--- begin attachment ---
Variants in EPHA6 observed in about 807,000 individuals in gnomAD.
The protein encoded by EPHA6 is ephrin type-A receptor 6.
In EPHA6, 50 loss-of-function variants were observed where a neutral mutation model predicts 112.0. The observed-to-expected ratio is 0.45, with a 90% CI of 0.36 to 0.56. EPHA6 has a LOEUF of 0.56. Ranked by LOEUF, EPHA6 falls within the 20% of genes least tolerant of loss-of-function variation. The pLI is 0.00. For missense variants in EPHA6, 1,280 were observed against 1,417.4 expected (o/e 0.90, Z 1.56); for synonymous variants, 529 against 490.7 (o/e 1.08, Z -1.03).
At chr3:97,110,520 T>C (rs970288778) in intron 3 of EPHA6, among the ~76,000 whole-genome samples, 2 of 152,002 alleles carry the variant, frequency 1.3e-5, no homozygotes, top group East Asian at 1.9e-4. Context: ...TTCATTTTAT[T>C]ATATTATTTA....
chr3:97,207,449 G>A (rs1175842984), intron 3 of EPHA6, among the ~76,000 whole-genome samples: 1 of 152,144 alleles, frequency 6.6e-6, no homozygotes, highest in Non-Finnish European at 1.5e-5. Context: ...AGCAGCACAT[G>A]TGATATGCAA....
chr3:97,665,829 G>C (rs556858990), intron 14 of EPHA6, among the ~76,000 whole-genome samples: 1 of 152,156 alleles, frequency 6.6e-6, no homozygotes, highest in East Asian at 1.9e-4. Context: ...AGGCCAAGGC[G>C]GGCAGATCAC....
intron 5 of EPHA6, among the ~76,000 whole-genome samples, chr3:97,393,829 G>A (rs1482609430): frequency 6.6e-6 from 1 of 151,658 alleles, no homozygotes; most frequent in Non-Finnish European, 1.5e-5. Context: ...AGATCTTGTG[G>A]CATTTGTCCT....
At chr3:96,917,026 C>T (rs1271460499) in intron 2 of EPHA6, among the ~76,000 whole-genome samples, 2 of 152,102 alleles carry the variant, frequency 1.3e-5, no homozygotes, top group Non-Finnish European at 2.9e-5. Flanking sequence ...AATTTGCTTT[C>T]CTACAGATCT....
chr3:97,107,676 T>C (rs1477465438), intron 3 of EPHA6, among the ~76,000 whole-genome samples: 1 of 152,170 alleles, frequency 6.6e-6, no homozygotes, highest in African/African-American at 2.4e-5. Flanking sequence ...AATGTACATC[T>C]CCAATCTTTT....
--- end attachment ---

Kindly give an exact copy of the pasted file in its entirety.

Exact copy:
Variants in EPHA6 observed in about 807,000 individuals in gnomAD.
The protein encoded by EPHA6 is ephrin type-A receptor 6.
In EPHA6, 50 loss-of-function variants were observed where a neutral mutation model predicts 112.0. The observed-to-expected ratio is 0.45, with a 90% CI of 0.36 to 0.56. EPHA6 has a LOEUF of 0.56. Ranked by LOEUF, EPHA6 falls within the 20% of genes least tolerant of loss-of-function variation. The pLI is 0.00. For missense variants in EPHA6, 1,280 were observed against 1,417.4 expected (o/e 0.90, Z 1.56); for synonymous variants, 529 against 490.7 (o/e 1.08, Z -1.03).
At chr3:97,110,520 T>C (rs970288778) in intron 3 of EPHA6, among the ~76,000 whole-genome samples, 2 of 152,002 alleles carry the variant, frequency 1.3e-5, no homozygotes, top group East Asian at 1.9e-4. Context: ...TTCATTTTAT[T>C]ATATTATTTA....
chr3:97,207,449 G>A (rs1175842984), intron 3 of EPHA6, among the ~76,000 whole-genome samples: 1 of 152,144 alleles, frequency 6.6e-6, no homozygotes, highest in Non-Finnish European at 1.5e-5. Context: ...AGCAGCACAT[G>A]TGATATGCAA....
chr3:97,665,829 G>C (rs556858990), intron 14 of EPHA6, among the ~76,000 whole-genome samples: 1 of 152,156 alleles, frequency 6.6e-6, no homozygotes, highest in East Asian at 1.9e-4. Context: ...AGGCCAAGGC[G>C]GGCAGATCAC....
intron 5 of EPHA6, among the ~76,000 whole-genome samples, chr3:97,393,829 G>A (rs1482609430): frequency 6.6e-6 from 1 of 151,658 alleles, no homozygotes; most frequent in Non-Finnish European, 1.5e-5. Context: ...AGATCTTGTG[G>A]CATTTGTCCT....
At chr3:96,917,026 C>T (rs1271460499) in intron 2 of EPHA6, among the ~76,000 whole-genome samples, 2 of 152,102 alleles carry the variant, frequency 1.3e-5, no homozygotes, top group Non-Finnish European at 2.9e-5. Flanking sequence ...AATTTGCTTT[C>T]CTACAGATCT....
chr3:97,107,676 T>C (rs1477465438), intron 3 of EPHA6, among the ~76,000 whole-genome samples: 1 of 152,170 alleles, frequency 6.6e-6, no homozygotes, highest in African/African-American at 2.4e-5. Flanking sequence ...AATGTACATC[T>C]CCAATCTTTT....